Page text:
There are easier ways to split water
Just a few days ago, Paul C. W. Chu of the University of Houston, and founding director of the Texas Center for Superconductivity at UH, and others came up with a cheap catalyst for the job: ferrous metaphosphate grown on a conductive nickel foam platform.
This is a remarkable improvement on the usual expensive electrocatalysts used – iridium, platinum or ruthenium – and a welcome respite in a world thirsting for more energy options.
Now, down under, Chuan Zhao and others at the University of New South Wales have come up with “ultrathin slices of porous metal-organic complex materials coated onto a foam [nickel] electrode, which the researchers have unexpectedly shown is highly conductive of electricity and active for splitting water.” OK, we’re quoting the press release verbatim there.
“Splitting water usually requires two different catalysts, but our catalyst can drive both of the reactions required to separate water into its two constituents, oxygen and hydrogen,” Zhao was quoted as saying in the same release. The reaction that results in the release of hydrogen relies on one electrode; that for the evolution of oxygen another.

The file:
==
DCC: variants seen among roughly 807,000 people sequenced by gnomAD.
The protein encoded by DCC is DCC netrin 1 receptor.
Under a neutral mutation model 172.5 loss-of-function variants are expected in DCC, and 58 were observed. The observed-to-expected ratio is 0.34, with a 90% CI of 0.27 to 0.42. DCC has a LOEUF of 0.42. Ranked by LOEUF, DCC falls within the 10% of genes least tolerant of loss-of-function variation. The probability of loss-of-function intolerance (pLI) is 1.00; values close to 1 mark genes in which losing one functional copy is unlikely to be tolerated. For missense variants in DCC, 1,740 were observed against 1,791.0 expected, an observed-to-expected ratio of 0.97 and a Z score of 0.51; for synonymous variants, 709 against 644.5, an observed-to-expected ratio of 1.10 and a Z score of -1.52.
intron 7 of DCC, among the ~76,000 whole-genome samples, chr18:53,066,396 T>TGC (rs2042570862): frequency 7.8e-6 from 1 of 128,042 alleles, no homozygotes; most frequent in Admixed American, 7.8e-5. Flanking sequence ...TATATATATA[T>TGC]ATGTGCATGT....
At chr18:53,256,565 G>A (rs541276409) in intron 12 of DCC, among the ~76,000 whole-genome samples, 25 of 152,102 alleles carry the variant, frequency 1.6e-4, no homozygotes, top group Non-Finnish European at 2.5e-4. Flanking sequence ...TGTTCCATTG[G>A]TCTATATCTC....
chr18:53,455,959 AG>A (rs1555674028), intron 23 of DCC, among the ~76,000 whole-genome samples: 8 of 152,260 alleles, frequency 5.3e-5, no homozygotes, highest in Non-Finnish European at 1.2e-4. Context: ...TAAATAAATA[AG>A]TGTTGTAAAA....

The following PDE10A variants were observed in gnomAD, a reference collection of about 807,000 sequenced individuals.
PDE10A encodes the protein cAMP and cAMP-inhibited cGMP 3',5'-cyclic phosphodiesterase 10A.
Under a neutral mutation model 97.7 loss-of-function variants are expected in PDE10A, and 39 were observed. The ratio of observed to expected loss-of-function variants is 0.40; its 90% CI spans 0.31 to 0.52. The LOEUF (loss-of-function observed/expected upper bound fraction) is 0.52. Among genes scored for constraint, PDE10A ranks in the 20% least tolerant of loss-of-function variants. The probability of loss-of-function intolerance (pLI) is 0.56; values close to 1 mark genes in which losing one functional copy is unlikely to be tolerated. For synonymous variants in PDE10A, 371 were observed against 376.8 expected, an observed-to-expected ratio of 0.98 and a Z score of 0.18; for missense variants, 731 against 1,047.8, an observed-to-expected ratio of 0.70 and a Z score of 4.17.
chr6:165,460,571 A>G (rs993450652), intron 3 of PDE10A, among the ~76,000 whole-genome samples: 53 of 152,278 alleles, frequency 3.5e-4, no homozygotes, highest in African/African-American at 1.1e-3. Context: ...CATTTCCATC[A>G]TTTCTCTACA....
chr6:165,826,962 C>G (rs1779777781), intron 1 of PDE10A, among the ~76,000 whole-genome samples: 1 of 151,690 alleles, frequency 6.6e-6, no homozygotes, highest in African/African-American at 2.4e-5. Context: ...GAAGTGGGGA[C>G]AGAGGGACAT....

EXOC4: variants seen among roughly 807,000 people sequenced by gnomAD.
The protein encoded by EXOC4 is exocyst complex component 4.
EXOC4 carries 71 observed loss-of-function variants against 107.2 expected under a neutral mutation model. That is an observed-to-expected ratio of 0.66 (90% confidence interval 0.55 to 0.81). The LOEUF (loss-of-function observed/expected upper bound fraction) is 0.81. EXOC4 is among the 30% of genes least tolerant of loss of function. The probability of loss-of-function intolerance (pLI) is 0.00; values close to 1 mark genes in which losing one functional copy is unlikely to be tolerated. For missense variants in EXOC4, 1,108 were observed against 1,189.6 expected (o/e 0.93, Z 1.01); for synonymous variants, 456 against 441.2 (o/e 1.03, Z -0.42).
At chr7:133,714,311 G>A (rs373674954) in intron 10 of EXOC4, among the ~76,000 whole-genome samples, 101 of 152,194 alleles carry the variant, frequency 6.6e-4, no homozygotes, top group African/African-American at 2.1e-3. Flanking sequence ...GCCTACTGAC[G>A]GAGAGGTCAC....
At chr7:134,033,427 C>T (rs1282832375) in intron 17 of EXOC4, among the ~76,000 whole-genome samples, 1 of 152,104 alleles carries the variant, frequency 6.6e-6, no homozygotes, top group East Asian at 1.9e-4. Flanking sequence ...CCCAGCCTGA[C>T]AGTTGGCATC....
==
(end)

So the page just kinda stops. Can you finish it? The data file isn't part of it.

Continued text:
Zhao’s team deposited the organic material (that’s 2,6-naphthalenedicarboxylic acid dipotassium for those with academic OCD) into a solution of nickel acetate and iron nitrate.
“Compared to other water-splitting electrocatalysts reported to date, our catalyst is also among the most efficient,” Zhao says. Perhaps Chu out at UH should weigh in here.
Still, both teams relied on increase area of contact between their electrocatalysts and the water. And each came up with a solution that is cheaper and longer-lasting than those in standard use.
Zhao’s research appeared in Nature Communications; Chu’s in the Proceedings of the National Academy of Sciences.